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It has always been hard for parents to talk to their teen-agers about sex. But times have changed, and these little talks should come at a much younger age. Today's children are bombarded by sexual messages and innuendo through television, movies and music.

But a program offered by the University of Missouri Extension Office and the Cape Girardeau County Public Health Center offers parents a helping hand. Peer educators are likely to have more success in relaying the message of sexual abstinence to teen-agers.

The program is in its second year and is getting high marks from the schools and students. It is sensible approach that can positively impact the much-too-high teen-age pregnancy rate.

About 36 students from Central High School, Oak Ridge High School and Notre Dame High Schools have been trained to teach seventh and eighth graders. These teen leaders rely on videos, question-and-answer questions and role playing to get their message across.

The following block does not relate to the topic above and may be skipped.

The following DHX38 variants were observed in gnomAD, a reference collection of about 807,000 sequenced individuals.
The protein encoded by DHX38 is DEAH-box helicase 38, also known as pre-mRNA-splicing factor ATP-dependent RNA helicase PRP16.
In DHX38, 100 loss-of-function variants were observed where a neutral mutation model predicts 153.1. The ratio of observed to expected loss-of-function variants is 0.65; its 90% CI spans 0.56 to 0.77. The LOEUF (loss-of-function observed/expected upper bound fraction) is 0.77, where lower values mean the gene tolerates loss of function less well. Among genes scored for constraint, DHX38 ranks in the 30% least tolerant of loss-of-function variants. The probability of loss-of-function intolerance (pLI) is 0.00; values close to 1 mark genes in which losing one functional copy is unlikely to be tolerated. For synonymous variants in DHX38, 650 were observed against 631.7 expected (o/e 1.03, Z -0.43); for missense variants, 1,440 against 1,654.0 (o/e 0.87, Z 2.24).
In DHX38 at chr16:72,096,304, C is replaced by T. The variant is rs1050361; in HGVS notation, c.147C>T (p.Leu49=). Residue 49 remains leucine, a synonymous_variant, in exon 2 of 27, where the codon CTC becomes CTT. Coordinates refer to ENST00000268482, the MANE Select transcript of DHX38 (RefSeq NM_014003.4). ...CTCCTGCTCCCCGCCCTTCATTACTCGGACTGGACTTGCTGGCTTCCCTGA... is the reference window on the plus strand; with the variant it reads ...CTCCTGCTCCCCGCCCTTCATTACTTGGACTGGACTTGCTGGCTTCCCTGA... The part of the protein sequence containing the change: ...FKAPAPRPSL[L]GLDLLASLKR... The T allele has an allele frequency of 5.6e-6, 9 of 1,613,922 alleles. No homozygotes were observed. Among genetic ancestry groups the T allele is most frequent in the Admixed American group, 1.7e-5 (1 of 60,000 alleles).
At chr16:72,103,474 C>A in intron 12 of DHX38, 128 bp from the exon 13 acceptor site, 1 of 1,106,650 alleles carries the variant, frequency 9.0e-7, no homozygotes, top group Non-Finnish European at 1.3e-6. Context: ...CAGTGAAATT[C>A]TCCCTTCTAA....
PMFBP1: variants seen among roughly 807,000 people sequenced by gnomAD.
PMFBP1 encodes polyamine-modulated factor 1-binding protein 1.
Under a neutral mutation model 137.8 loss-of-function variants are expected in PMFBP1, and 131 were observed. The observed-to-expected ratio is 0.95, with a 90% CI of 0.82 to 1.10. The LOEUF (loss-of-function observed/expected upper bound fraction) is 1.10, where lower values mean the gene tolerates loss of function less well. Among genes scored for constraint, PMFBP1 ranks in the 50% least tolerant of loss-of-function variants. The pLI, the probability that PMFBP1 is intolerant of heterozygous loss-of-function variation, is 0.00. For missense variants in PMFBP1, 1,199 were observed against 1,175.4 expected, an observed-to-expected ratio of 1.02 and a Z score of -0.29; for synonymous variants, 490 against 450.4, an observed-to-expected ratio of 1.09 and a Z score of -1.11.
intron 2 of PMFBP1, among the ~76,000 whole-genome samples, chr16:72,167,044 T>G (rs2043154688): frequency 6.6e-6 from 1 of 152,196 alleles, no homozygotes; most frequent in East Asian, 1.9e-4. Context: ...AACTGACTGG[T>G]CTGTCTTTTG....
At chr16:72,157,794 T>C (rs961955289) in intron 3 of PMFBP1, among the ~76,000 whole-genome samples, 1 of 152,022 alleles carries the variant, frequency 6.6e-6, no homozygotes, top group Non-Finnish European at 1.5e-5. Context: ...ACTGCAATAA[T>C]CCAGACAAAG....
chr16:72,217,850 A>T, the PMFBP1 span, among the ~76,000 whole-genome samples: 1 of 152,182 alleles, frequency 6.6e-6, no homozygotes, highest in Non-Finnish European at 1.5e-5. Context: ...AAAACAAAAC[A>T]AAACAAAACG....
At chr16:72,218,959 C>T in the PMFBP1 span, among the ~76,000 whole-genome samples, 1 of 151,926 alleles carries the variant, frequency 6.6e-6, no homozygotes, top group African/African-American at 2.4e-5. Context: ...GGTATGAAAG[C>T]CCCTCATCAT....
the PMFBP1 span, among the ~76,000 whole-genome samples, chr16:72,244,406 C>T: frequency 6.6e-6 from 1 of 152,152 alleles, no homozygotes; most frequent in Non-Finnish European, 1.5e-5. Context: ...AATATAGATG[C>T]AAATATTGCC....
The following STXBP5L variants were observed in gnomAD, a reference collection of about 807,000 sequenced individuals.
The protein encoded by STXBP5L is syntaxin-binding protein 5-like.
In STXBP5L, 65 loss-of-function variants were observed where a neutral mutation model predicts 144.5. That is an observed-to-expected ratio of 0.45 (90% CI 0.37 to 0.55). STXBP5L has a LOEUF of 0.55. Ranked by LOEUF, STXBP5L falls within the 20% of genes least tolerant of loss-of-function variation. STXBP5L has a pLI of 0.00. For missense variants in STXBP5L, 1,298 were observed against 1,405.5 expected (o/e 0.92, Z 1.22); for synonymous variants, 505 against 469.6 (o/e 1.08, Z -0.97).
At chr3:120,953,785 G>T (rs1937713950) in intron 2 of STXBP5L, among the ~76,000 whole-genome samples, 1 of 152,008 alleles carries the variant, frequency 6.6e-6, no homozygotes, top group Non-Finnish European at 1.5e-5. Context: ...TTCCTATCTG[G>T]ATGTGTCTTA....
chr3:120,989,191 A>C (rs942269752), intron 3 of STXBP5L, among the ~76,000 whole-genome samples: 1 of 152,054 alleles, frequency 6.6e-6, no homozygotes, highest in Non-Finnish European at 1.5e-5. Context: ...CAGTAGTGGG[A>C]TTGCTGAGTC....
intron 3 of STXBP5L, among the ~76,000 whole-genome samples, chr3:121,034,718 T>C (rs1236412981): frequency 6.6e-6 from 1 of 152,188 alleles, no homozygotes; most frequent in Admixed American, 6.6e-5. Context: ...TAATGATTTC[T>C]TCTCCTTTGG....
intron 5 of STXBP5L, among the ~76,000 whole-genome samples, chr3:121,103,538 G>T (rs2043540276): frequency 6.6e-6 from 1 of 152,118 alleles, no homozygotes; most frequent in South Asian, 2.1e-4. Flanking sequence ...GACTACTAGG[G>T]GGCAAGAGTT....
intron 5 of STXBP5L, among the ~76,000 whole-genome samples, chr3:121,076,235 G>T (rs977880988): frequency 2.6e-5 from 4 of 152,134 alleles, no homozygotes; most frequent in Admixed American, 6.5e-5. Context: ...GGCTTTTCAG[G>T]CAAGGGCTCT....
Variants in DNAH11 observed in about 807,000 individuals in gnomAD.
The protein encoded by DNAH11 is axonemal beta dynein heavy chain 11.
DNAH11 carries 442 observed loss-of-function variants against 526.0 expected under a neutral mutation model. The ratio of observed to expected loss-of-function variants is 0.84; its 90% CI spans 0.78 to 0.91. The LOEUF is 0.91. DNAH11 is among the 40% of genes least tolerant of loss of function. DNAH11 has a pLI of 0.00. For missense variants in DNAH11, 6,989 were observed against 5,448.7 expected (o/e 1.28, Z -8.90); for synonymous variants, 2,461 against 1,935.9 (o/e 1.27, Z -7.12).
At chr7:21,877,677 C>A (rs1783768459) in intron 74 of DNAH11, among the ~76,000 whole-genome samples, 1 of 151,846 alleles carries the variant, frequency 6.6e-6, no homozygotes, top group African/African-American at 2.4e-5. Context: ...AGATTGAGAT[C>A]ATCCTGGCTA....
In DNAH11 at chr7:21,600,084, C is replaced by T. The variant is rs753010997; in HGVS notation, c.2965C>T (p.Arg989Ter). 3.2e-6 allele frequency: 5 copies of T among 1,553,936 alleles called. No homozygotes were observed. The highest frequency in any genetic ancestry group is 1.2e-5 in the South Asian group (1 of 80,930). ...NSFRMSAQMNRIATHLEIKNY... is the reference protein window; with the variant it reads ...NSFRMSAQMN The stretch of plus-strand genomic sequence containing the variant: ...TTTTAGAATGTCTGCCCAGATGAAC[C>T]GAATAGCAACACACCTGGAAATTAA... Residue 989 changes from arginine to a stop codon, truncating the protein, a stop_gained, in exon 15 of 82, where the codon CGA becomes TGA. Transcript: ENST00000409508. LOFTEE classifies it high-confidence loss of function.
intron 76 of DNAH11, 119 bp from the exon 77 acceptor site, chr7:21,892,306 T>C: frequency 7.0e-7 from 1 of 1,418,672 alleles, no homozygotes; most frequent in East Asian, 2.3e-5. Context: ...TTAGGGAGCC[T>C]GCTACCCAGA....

The students tend to open up to the peer leaders and trust their advice. These teens can better sell abstinence of sex, alcohol and drugs because they understand the realities of peer pressure.

These young leaders deserve commendation for helping other teen-agers resist early sexual involvement.

It is hard to battle society's woes at the federal and state levels with sweeping, one-size-fits-all mandates. But with programs like this, local communities can chip away at such formidable problems as teen-age pregnancy and welfare mothers.